Data Center Power Quality Challenges Put Businesses at Risk; It’s Time to Fix That

While disaster recovery and risk management conversations frequently center around cloud backup solutions or network route redundancy, it’s likely not a surprise to learn data centers themselves can be a source of risk to the organizations which depend on them – small and large businesses alike. In fact, data center downtime can cost hundreds of thousands or even millions of dollars. Those costs are not just the data center’s but also their customers.

The biggest threats to data center uptime are power quality and other power management issues. Power-related problems cause 43 percent of data center outages according to the Uptime Institute. As a result, risk management and business continuity protection actually begin with improving resiliency for data centers.

Power is the lifeblood of a data center. It is critical in enabling every single aspect of data center operations. When power quality or reliability in a data center suffers, so does everything else. Multiple power sources are often required for a data center to achieve both the availability and efficiency which it requires. Even after the power sourced from the utilities is conditioned and the required redundancy is achieved the equipment which operates within the facilities like variable-frequency drives, computer power supplies and other electronics often creates harmful harmonics.

Data center managers have three primary power quality pain points, which have the potential to disrupt their operations and create risks for their end-users. In this article, we explain how these challenges can negatively impact data centers and, by extension, the businesses relying on them. As well, we discuss the most powerful step data center facility managers can take to mitigate downtime risks right now.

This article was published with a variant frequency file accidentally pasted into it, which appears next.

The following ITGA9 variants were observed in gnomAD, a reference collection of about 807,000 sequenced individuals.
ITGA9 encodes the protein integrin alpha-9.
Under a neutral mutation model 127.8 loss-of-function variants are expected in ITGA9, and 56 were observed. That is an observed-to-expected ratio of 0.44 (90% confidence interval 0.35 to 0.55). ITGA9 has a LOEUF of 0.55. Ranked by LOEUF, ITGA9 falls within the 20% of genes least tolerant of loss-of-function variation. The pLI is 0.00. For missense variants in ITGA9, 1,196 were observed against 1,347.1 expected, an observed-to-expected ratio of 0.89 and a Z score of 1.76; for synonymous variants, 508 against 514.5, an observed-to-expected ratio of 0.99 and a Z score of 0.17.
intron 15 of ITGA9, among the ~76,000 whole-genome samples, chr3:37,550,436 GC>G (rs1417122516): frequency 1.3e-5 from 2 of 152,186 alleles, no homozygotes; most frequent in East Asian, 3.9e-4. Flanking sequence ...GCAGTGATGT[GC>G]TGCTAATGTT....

Pain Point 1: Lack of Visibility into Granular Power Quality Data

Historically, power quality assessments get completed during the bring-up phase of a data center in a one-time event and are only undertaken again when a significant server overhaul is made. However, this approach vastly underestimates the impact of power quality issues within the data center on an ongoing basis.

Power quality issues are regularly caused by the equipment inside of a data center that is critical to its operation. Linear loads (common in household appliances) occur when equipment draws current in sinusoidal waveforms which create no waveform distortion or harmonics. However, most equipment in a data center is actually a non-linear load, which draws current in high-amplitude short pulses which introduce harmonic distortion. Examples of non-linear load equipment include switch-mode power supply units, variable-speed drives, computers and uninterruptible power supplies (UPS).